Once created, Sherlock Holmes took on a life of his own. Even when Doyle had tired of the work that it took to create another Holmes short story or novel, and tried to kill off his hero, Holmes' fans forced Doyle to bring him back from the dead. Our fascination for Holmes continues unabated to this day, where he is firmly enthroned as one of the favorite characterizations of the modern world, and Doyle's books continue to be sold at a rapid pace in local bookstores.

Plot: Taking on a Holmes' story in print, film or multimedia is a dangerous undertaking, since the fans are particularly finicky about the character. Any un-Holmsian turns or twists to the character are bound to bring rabid fans to your door complaining. On the other hand, should you pull it off, the product is likely to be a huge success, and how creative do you need to be, just follow the formula. Mix in a two-brimmed cap, a capped long coat, a hawk-beak nose, a magnifying glass, and an encyclopedic knowledge of trivia such as types of tobacco and tobacconists that carry them and viola you have Holmes.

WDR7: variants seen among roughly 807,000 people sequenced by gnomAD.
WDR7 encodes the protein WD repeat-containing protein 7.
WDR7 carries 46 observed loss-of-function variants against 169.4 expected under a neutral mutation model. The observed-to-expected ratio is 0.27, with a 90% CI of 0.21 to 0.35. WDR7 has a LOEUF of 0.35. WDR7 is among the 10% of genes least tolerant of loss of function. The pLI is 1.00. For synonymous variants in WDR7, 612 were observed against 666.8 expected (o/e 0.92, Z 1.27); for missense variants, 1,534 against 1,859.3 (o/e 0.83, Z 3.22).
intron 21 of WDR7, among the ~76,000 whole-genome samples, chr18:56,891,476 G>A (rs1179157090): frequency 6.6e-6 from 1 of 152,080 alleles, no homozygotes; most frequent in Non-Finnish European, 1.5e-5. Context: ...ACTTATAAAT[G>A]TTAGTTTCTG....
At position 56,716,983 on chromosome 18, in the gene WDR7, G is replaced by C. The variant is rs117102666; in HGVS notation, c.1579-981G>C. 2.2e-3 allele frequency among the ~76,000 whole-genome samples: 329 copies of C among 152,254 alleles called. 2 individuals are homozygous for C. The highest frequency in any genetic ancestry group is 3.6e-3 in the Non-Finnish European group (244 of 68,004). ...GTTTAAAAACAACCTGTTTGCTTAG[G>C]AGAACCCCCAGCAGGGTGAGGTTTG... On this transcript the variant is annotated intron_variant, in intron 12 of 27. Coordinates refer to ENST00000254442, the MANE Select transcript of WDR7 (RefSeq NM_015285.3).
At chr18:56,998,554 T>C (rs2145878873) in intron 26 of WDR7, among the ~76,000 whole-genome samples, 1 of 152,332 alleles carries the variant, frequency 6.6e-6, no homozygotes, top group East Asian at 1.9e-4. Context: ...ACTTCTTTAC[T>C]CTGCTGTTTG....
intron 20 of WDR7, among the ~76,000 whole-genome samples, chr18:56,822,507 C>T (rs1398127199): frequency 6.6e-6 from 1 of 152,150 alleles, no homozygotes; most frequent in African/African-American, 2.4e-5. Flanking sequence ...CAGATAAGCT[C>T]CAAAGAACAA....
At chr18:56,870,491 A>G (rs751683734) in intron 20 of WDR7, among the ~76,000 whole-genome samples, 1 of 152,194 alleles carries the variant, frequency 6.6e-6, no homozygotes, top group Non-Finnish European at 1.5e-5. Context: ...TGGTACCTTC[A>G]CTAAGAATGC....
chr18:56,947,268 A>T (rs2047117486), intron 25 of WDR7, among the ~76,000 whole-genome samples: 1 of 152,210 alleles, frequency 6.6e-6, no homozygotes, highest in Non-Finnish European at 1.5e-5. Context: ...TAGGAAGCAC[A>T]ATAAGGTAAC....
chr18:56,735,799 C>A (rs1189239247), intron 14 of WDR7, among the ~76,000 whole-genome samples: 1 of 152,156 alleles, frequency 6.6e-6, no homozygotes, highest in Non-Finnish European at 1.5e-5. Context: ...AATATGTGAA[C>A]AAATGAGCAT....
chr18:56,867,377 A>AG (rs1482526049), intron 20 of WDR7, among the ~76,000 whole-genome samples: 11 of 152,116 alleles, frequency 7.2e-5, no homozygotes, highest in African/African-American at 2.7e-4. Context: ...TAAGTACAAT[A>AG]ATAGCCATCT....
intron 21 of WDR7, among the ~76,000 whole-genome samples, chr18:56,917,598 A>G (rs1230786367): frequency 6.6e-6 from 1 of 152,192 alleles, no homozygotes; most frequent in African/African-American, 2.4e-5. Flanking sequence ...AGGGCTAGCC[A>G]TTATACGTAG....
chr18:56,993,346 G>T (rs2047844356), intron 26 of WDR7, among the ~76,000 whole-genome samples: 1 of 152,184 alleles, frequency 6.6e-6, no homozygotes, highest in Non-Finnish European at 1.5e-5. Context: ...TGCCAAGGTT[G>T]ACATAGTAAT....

In this go round, brother Mycroft is injured in an explosion at the Diogenes Club. Holmes intuition and deductive powers tell him it was not an accident, and the "game is a foot" once again. (Just how can a game be a foot anyway? What is this soccer. Sorry. Ed)

In the beginning of this game you play Watson, the bumbling physician who was patterned after Connan Doyle. Once Watson has accumulated enough evidence to convince Holmes that he must join in the chase, you will play Holmes. What is determined is that the explosion is related to the theft of some secret documents related to the military.

Game play: You click on characters and objects to communicate or manipulate them. The interactive lab is found at 221B Baker Street, is an important tool which is used to perform experiments, solve clues, and generally mess around. Do not confuse the interactive lab with Professor Dewar's lab which is not interactive and only contains clues like most of the other locations. Talking to Watson will yield his normal child-like bumbling way of hitting on the salient part of any mystery.

Graphics: The filmed actors and prop objects appear on a hand drawn background. Flames and fire from the explosions are rather nice. The game sports more than 50, 256-color locations and , 3-D rendered animation.